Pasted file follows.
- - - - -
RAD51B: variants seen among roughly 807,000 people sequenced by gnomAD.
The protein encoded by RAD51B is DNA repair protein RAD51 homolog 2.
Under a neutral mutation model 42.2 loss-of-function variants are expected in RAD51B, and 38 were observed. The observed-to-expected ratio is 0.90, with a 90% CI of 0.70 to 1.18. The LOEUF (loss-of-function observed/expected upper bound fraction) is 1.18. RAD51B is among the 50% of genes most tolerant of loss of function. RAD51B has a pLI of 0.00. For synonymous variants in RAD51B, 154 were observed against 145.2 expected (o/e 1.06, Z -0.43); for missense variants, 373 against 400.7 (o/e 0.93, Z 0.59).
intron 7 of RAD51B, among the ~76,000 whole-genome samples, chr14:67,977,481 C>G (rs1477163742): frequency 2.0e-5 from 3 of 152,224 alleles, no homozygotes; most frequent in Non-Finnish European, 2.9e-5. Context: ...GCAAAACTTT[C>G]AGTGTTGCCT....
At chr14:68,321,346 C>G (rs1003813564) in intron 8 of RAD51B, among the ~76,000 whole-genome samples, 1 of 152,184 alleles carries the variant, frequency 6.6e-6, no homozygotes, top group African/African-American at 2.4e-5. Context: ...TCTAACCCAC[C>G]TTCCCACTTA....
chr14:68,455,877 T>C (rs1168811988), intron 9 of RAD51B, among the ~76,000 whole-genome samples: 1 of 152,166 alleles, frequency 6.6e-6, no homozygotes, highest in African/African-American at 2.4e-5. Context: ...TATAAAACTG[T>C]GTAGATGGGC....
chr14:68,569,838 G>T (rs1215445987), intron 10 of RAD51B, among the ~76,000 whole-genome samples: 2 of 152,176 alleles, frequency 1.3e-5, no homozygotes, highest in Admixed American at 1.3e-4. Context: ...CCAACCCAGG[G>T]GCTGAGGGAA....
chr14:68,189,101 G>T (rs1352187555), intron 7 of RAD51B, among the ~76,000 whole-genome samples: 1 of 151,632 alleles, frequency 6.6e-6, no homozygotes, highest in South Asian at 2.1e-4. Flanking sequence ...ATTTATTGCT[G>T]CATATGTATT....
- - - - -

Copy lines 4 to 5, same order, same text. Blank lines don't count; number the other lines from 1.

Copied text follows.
intron 7 of RAD51B, among the ~76,000 whole-genome samples, chr14:67,977,481 C>G (rs1477163742): frequency 2.0e-5 from 3 of 152,224 alleles, no homozygotes; most frequent in Non-Finnish European, 2.9e-5. Context: ...GCAAAACTTT[C>G]AGTGTTGCCT....
At chr14:68,321,346 C>G (rs1003813564) in intron 8 of RAD51B, among the ~76,000 whole-genome samples, 1 of 152,184 alleles carries the variant, frequency 6.6e-6, no homozygotes, top group African/African-American at 2.4e-5. Context: ...TCTAACCCAC[C>G]TTCCCACTTA....